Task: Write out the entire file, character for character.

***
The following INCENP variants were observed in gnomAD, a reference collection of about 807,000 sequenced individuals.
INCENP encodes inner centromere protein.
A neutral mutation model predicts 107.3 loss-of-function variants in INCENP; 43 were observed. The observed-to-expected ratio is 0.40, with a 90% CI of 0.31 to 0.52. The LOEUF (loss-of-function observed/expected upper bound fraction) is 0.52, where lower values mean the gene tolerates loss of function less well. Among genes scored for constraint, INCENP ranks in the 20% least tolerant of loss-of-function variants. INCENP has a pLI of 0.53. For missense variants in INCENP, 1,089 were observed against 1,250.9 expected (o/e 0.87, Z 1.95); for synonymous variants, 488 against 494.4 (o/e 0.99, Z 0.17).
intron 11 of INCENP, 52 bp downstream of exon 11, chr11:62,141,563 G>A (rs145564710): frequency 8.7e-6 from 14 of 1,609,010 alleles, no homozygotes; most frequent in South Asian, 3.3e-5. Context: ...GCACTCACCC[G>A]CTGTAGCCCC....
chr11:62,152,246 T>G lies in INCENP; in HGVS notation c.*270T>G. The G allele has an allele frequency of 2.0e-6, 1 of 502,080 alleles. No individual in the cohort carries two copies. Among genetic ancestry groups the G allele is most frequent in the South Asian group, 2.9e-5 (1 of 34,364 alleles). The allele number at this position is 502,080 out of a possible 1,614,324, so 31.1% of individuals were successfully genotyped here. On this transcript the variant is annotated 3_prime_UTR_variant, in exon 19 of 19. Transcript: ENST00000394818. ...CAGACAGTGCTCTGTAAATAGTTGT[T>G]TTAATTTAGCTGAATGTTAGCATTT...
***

The following INCENP variants were observed in gnomAD, a reference collection of about 807,000 sequenced individuals.
INCENP encodes inner centromere protein.
A neutral mutation model predicts 107.3 loss-of-function variants in INCENP; 43 were observed. The observed-to-expected ratio is 0.40, with a 90% CI of 0.31 to 0.52. The LOEUF (loss-of-function observed/expected upper bound fraction) is 0.52, where lower values mean the gene tolerates loss of function less well. Among genes scored for constraint, INCENP ranks in the 20% least tolerant of loss-of-function variants. INCENP has a pLI of 0.53. For missense variants in INCENP, 1,089 were observed against 1,250.9 expected (o/e 0.87, Z 1.95); for synonymous variants, 488 against 494.4 (o/e 0.99, Z 0.17).
intron 11 of INCENP, 52 bp downstream of exon 11, chr11:62,141,563 G>A (rs145564710): frequency 8.7e-6 from 14 of 1,609,010 alleles, no homozygotes; most frequent in South Asian, 3.3e-5. Context: ...GCACTCACCC[G>A]CTGTAGCCCC....
chr11:62,152,246 T>G lies in INCENP; in HGVS notation c.*270T>G. The G allele has an allele frequency of 2.0e-6, 1 of 502,080 alleles. No individual in the cohort carries two copies. Among genetic ancestry groups the G allele is most frequent in the South Asian group, 2.9e-5 (1 of 34,364 alleles). The allele number at this position is 502,080 out of a possible 1,614,324, so 31.1% of individuals were successfully genotyped here. On this transcript the variant is annotated 3_prime_UTR_variant, in exon 19 of 19. Transcript: ENST00000394818. ...CAGACAGTGCTCTGTAAATAGTTGT[T>G]TTAATTTAGCTGAATGTTAGCATTT...